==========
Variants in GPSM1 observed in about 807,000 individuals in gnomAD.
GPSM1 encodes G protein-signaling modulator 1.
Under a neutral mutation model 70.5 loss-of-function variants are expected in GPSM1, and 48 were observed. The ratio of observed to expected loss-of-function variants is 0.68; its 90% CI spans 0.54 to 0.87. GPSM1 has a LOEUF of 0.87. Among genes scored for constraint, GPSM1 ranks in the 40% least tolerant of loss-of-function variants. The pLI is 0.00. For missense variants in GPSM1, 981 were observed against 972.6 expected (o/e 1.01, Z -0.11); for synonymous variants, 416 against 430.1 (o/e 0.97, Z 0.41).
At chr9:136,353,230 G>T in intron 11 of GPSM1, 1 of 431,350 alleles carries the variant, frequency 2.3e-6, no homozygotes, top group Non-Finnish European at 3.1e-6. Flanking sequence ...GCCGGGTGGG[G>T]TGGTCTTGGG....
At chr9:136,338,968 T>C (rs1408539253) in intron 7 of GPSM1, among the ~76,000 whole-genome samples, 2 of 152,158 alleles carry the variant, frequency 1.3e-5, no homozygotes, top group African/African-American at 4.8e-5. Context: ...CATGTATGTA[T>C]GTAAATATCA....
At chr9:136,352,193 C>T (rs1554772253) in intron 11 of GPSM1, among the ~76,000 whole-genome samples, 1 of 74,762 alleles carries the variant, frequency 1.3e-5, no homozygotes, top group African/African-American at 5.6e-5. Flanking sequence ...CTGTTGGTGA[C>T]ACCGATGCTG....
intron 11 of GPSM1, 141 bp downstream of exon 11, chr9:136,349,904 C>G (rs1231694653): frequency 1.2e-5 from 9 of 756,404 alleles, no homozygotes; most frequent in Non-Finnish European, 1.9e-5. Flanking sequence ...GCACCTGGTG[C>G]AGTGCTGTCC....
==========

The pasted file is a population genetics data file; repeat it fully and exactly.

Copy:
Variants in GPSM1 observed in about 807,000 individuals in gnomAD.
GPSM1 encodes G protein-signaling modulator 1.
Under a neutral mutation model 70.5 loss-of-function variants are expected in GPSM1, and 48 were observed. The ratio of observed to expected loss-of-function variants is 0.68; its 90% CI spans 0.54 to 0.87. GPSM1 has a LOEUF of 0.87. Among genes scored for constraint, GPSM1 ranks in the 40% least tolerant of loss-of-function variants. The pLI is 0.00. For missense variants in GPSM1, 981 were observed against 972.6 expected (o/e 1.01, Z -0.11); for synonymous variants, 416 against 430.1 (o/e 0.97, Z 0.41).
At chr9:136,353,230 G>T in intron 11 of GPSM1, 1 of 431,350 alleles carries the variant, frequency 2.3e-6, no homozygotes, top group Non-Finnish European at 3.1e-6. Flanking sequence ...GCCGGGTGGG[G>T]TGGTCTTGGG....
At chr9:136,338,968 T>C (rs1408539253) in intron 7 of GPSM1, among the ~76,000 whole-genome samples, 2 of 152,158 alleles carry the variant, frequency 1.3e-5, no homozygotes, top group African/African-American at 4.8e-5. Context: ...CATGTATGTA[T>C]GTAAATATCA....
At chr9:136,352,193 C>T (rs1554772253) in intron 11 of GPSM1, among the ~76,000 whole-genome samples, 1 of 74,762 alleles carries the variant, frequency 1.3e-5, no homozygotes, top group African/African-American at 5.6e-5. Flanking sequence ...CTGTTGGTGA[C>T]ACCGATGCTG....
intron 11 of GPSM1, 141 bp downstream of exon 11, chr9:136,349,904 C>G (rs1231694653): frequency 1.2e-5 from 9 of 756,404 alleles, no homozygotes; most frequent in Non-Finnish European, 1.9e-5. Flanking sequence ...GCACCTGGTG[C>G]AGTGCTGTCC....